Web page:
Biden Accused The Republican Party Of Racism Because They Backed Voter ID Laws: ‘We’ve Got Jim Crow Sneaking Back In’

0
607

Former Vice President Joe Biden accused the Republican Party of racism because they supported voter identification laws.

Although laws are different between states, voter identification laws required that a government-issued ID be presented before a voter can reach the ballot box. In some states, the ID must be presented on at the polls while others only require an ID for voter registration.

Republicans who support these laws argue that the ID requirement is a protection against voter fraud by ineligible voters, such as illegal immigrants or felons.

Joe Biden, however, claimed the laws are much more nefarious.

On Saturday night, Joe Biden spoke at a campaign event in South Carolina and claimed Republicans want to use voter identification laws in the same way the south used Jim Crow laws to prevent black voters from reaching the polls. He claimed that Republicans don’t want minority communities to cast their vote because it could hurt their chances at winning.

“Folks, last year, 24 states introduced or enacted at least 70 bills to curtail the right to vote and guess what, mostly directed at people of color. You see it. We’ve got Jim Crow sneaking back in. No, I mean it. Why? Why? Because they know. You saw what happened in North Carolina. You saw what happened in Georgia. You saw what happened in Florida. Why? Cause you know if everybody has an equal right to vote, guess what, they lose.” Said Biden.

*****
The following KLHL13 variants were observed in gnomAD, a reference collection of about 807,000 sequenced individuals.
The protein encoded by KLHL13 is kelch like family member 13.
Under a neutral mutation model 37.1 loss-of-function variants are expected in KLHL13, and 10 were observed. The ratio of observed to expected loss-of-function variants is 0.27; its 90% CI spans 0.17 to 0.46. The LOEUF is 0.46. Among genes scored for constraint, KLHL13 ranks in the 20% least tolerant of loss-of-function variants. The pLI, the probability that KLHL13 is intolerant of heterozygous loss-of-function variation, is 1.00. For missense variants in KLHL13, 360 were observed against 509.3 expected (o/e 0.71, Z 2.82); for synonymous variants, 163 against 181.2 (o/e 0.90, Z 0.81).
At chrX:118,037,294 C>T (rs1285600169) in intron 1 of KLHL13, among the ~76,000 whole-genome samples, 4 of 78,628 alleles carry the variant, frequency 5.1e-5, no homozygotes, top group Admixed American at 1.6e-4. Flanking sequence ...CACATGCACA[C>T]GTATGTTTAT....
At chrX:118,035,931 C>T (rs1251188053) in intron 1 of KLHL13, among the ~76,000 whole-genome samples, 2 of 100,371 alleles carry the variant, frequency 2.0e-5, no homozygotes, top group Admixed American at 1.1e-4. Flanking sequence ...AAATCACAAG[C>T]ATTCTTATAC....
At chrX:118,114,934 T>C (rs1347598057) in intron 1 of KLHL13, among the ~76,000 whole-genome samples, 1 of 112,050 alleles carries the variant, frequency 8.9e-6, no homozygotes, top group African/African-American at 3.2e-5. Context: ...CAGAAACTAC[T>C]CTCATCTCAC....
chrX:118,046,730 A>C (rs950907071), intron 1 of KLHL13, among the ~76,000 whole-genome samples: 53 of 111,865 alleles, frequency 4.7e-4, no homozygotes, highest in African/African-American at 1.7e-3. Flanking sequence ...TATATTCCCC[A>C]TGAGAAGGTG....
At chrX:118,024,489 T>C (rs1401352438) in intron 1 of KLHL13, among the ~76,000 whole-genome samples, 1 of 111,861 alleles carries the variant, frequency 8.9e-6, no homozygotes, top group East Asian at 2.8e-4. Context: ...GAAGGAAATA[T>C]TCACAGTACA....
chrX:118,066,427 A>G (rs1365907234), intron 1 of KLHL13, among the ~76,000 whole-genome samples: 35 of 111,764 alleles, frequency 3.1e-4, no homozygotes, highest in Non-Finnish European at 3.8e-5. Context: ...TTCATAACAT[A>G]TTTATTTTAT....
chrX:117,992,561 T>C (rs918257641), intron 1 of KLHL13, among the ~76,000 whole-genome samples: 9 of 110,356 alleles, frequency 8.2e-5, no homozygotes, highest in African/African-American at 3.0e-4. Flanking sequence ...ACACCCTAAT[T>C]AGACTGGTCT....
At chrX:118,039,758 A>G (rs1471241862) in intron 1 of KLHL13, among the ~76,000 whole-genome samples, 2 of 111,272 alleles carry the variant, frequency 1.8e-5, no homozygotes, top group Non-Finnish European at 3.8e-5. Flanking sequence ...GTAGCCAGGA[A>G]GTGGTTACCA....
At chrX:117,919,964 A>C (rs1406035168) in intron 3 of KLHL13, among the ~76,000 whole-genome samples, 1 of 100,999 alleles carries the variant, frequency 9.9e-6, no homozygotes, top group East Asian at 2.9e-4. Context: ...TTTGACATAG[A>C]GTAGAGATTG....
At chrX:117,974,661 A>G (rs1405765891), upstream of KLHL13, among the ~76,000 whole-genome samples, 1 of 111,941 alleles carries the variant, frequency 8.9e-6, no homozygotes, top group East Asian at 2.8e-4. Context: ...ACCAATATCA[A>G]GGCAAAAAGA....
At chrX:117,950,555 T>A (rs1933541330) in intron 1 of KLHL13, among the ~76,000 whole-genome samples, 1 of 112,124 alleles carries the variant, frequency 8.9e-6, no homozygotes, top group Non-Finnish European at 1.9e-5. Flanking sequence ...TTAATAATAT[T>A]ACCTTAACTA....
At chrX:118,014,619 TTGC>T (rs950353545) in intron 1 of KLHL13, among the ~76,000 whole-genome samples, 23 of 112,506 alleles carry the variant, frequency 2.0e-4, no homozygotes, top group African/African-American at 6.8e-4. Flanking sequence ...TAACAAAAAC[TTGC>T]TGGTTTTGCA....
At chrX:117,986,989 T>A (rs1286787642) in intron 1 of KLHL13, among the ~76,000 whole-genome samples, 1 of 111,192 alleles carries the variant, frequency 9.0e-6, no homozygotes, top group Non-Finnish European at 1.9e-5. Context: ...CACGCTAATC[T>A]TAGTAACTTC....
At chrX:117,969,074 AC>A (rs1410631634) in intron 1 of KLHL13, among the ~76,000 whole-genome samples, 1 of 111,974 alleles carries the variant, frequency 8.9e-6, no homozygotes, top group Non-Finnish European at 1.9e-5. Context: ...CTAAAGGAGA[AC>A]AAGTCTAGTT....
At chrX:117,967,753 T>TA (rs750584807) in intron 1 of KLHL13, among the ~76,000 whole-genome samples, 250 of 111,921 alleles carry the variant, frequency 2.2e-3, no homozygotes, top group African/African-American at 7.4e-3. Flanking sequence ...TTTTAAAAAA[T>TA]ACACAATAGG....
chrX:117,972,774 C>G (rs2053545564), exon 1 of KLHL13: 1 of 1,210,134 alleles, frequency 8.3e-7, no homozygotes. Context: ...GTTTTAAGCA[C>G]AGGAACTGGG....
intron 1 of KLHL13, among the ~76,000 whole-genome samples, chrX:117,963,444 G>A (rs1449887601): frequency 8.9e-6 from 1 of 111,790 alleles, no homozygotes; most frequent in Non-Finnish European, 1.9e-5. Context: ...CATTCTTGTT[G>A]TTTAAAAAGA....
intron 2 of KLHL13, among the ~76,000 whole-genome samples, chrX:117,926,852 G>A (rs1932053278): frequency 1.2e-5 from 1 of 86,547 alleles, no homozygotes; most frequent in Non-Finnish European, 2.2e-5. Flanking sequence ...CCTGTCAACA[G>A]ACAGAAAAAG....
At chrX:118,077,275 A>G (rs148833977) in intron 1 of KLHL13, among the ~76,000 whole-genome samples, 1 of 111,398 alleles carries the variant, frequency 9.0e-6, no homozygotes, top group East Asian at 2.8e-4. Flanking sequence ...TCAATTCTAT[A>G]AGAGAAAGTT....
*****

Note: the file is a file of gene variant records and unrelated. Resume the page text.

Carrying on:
The former Vice President’s claims were quickly used by other Democrats, including the Democratic Coalition, which quoted Biden and added the hashtag “bigot president” in a smear against President Trump.

While there were Democrats that clearly agreed with Joe Biden’s claim, several others called out his own record and questioned whether he has solid ground to stand on while claiming Republicans support Jim Crow laws.

As previously reported, there are many reasons Republicans back voter identification laws, none of which involve race or suppressing votes from eligible voters as there is little evidence that voter identification laws impact voter turnout.